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Rush to rein in inflation

The Finance Minister met Manmohan Singh, Sonia and the RBI Governor, and hinted at tax cuts and hike in interest rates, says Gaurav Choudhury.

business Updated: Jun 22, 2008 01:46 IST
Gaurav Choudhury

The country’s top leadership got into a huddle on Saturday to hammer out new measures to curb inflation that has surged to double digits and threatens to snowball into a major electoral issue.

A mix of duty cuts on petroleum products and interest rate hikes are being explored, officials said, a day after latest price data showed the inflation rate rose to 11.05 per cent in the week ending June 7, its highest in 13 years.

“We should not give room for panic, we should take steps to quell inflationary expectations,” Finance Minister P Chidambaram said in a statement after holding meetings with Prime Minister Manmohan Singh, Congress president Sonia Gandhi and RBI Governor YV Reddy.

The Finance Minister, who has drawn criticism from Opposition parties as well as Left allies for the price situation, said the government was willing to consider deeper cuts in taxes to soften the impact of rising raw material costs on consumers.

Any such move would have to be weighed against its impact on the government budget deficit. Earlier this month the government had abolished customs duty on crude oil, reduced import duty on petrol and diesel, and slashed excise duty on petrol and diesel by Re 1 per litre.

Those moves are estimated to result in a revenue loss of Rs 22,000 crore, according to finance ministry estimates.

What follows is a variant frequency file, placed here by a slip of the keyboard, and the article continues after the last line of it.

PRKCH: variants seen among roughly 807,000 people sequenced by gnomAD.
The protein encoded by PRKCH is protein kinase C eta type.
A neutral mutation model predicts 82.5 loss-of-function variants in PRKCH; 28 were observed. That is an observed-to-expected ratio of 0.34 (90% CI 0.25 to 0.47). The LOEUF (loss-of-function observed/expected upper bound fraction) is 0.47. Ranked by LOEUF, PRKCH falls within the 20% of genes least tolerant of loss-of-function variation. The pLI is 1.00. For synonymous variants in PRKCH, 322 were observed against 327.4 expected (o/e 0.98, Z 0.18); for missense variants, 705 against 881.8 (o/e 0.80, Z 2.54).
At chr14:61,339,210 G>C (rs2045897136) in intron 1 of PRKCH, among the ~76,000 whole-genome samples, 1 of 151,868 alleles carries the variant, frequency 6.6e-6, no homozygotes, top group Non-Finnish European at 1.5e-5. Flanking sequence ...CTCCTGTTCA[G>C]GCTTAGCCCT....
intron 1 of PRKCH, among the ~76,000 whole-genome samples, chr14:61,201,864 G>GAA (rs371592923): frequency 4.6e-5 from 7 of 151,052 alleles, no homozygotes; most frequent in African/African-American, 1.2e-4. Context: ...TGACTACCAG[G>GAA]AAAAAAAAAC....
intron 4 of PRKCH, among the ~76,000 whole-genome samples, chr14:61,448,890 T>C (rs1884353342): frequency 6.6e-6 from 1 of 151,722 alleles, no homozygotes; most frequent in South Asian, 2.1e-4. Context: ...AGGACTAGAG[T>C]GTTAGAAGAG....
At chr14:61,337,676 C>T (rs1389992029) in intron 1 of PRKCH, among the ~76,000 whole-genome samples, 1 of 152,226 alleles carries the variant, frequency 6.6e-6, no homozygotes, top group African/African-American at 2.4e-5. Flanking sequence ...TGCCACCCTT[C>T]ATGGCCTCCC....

“Giving up revenues and borrowing an equivalent amount in the market in order to finance expenditure would also be inflationary,” Chidambaram said.

Separately, Finance Secretary D Subbarao said the government expected RBI to bring measures that will help suck out excess money in the system and dampen demand.

“We expect the central bank to take some more action. It is for the RBI to take a decision and to take a decision on when it is appropriate,” Subbarao told a news conference.

Earlier this month, the RBI surprised market by raising the repo rate, the rate at which it lends to commercial banks in the short term, to 8 per cent from 7.75 per cent. Most experts expect another hike, a steeper one, soon.

“It is highly probable that the RBI will hike its key interest rates,” said Yashika Singh, Head, Economic Analysis Group, Dun & Bradstreet.

Any increase in repo rate will surely force banks to raise interest rates on home loans and other finances.

That, in turn, could hurt the broader economy by slowing new investments, but the government and policy makers appear ready to settle for a lower growth than risk higher inflation.

Expectations are the inflation rate will remain in double digits unless global prices of crude and other commodities soften soon.

On Saturday, Chidambaram along with Petroleum Minister Murli Deora headed to Jeddah, Saudi Arabia, where top government officials from key oil producing and consuming countries are meeting on Sunday.

The meeting is expected to focus on measures to ease availability of crude, especially for emerging economies like India and China.